like the ship here.
NARRATOR: On the night Titanic sank,
more than 2,000 passengers were onboard.
The crew rushed towards the lifeboats,
to be lowered into the water
using a small crane called the davit.
On the model, Parks is intrigued
by one davit in particular.
Right in this very area,
uh, First Officer Murdoch
was desperately trying to load
the last lifeboat into the davit,
so that it could be launched properly.
You can see that this davit is cranked in.
It's the only one on the wreck
that's like that.
ELLIOT: Right.
that really supports the account
that Murdoch was trying
to launch the last lifeboat
when he and his crew
were swept away by the water.
NARRATOR: The photogrammetry has provided
vital evidence of the davit's position,
proving that this lifeboat
was never launched.
This really...
I mean, I can almost visualize the scene,
seeing it in this lighting
and at this angle. So...
That's just... That's, um...
That's pretty, uh, touching.
NARRATOR: There were
just 20 lifeboats in total,
only enough
for around half the passengers.
There's another personal
story related to Titanic
that has fascinated Parks for years.
It's connected to one
of the ship's mostfamous passengers,
Benjamin Guggenheim.
He was one of America's wealthiest
and most prominent businessmen,
who was said
to have dressed up in his best
and prepared to go down like a gentleman.
This is what Guggenheim's state rooms
would have looked like,
Titanic's most opulent living quarters.
Located on the port side
at the point of destruction
where the ship split in two,
the state rooms were torn off
and fell to the sea floor,
where they remain
to this day, undiscovered.
Now, using the sub,
Parks is determined to find them.
ROB: The free boat is engaged,
would you like me to engage surfacing?
NARRATOR: The team is preparing the sub
for the next dive
to locate the remains
of Titanic's most opulent cabin,
where one of the ship's
most famous passengers,
Benjamin Guggenheim, spent his final days.
I'm the only member of my family,
going back to where
my great great grandfather last stood.
So, there is something quite powerful
about that, I guess,
and kind of getting closer
to the rest of the family
and maybe paying one last homage.
NARRATOR: Sindbad is Benjamin Guggenheim's
great great grandson.
He's joined the expedition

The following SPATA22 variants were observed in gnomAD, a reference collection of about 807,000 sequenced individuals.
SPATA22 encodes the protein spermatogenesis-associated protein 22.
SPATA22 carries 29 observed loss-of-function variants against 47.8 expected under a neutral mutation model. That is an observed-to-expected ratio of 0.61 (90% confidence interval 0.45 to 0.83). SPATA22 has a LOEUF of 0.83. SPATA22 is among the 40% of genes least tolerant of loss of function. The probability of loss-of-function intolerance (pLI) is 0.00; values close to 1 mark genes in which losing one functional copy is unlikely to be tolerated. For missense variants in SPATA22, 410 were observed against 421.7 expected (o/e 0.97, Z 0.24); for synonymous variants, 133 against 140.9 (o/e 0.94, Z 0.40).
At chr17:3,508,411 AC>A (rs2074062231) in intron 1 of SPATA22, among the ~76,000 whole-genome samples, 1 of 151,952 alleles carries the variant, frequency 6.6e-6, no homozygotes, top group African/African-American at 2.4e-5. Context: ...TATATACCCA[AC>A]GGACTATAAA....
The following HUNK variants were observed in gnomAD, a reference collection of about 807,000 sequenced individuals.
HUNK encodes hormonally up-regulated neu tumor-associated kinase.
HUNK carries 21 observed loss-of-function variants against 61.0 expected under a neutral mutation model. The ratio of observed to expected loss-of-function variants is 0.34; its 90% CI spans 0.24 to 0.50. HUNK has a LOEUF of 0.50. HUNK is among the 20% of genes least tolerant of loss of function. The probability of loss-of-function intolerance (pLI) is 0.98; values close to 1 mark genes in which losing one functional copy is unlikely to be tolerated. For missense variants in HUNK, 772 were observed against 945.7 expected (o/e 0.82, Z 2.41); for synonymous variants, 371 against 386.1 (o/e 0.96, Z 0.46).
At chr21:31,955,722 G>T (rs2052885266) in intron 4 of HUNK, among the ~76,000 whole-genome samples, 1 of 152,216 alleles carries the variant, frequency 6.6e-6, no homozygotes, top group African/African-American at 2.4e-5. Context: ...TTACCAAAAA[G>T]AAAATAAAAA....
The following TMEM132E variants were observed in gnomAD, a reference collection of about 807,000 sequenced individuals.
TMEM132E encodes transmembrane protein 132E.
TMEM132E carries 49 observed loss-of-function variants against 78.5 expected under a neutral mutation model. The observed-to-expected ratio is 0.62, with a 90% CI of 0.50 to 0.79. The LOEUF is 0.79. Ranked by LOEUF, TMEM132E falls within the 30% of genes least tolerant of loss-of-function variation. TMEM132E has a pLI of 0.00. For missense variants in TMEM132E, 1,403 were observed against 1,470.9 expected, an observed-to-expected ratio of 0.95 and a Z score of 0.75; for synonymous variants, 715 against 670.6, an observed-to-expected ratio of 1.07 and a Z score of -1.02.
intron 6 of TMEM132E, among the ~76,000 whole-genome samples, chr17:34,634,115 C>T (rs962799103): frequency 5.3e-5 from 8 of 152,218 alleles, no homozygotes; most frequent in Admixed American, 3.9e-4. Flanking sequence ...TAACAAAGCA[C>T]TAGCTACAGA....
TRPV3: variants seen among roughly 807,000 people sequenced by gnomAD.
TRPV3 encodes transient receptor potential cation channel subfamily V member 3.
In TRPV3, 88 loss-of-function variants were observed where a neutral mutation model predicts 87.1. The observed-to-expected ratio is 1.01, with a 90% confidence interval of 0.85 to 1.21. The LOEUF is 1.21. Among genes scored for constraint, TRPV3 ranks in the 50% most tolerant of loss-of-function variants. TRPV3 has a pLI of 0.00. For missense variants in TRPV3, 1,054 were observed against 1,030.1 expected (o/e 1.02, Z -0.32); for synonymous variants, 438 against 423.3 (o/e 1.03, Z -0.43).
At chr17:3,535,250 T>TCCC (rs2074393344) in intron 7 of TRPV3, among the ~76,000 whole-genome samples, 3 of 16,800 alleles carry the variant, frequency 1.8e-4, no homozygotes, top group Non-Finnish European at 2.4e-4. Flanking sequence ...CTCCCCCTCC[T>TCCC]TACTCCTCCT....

to discover more
about the final hours
of his ill-fated relative.
-Now, these are the decks...
-Oh, I see.
...they're laying on top of each other,
what you're seeing are the ribs
that support the underside of the decks...
-...and then it appears to be
shell plating underneath.
NARRATOR: Previous expeditions
revealed an image that Parks thinks
could be Guggenheim's missing state rooms.
He wants to dive down
on the wreck to investigate further.
Well, Parks is one of the world's
leading historians on the Titanic,
and he's the kind of individual
that can look at a piece of wreckage
and identify where it was on the ship
and why it's interesting.
Each piece, its position,
its condition, tells a story.
NARRATOR: Parks also wants to record
high-resolution footage
of some specific features on the bow
to add to the photogrammetry model.
Once again, Victor will pilot the sub.
Parks will join him to observe.
I feel the need to go down there myself,
owe it to those
who perished in the disaster,
to maybe step out of the comfort zone
a little bit,
take an acceptable amount of risk
and, um, experience it for myself.
NARRATOR: The sub will dive
to the wreck site, travel over the bow,
then out across the debris field,
searching for the mysterious piece
of metal.
PATRICK: Here comes the water,
cap's on, are you ready?
TOM: Yeah, Roger that,my hatch is secure.
Roger that, hatch secure. Here we go.
Roger that. I'm just gonna
put a little bit more on here.
NARRATOR: If Parks' theory is correct,
it'll be an incredible discovery,
connecting a family across generations.
PATRICK: Clear to go ahead
and start pumping.
There goes the swimmer.
This is the LF, go ahead.
You're clear to, uh, start pumping.
Roger that, the swimmer is clear,
I have armed thrusters.
We're beginning to pump in now.
NARRATOR: The sub begins its long descent.
Benjamin Guggenheim was born
into a wealthy mining family
in Philadelphia in 1865.
He was 47 years old when Titanic sank,
leaving behind a wife
and three young daughters.
Surface, LF, depth three eight zero five,
heading three one zero,
life support good, wreck on sonar.
Roger that, LF, understand, uh,
three eight zero five meters,
heading three one zero degrees
with life support good
and wreck on sonar. Congratulations.
NARRATOR: The sub has reached
the wreck site.
VICTOR: Ha, it's murky. You can look
down there and see pretty well.
PARKS: I can see it, yeah.
VICTOR: The visibility
is better looking down.
-It is. (LAUGHS)
-There's the Marconi room,
-one of the windows, one of the skylights.
-Let's see here.
NARRATOR: Before searching for the remains
of the Guggenheim state rooms,
the team films additional footage
of other important features
for later analysis,
including the area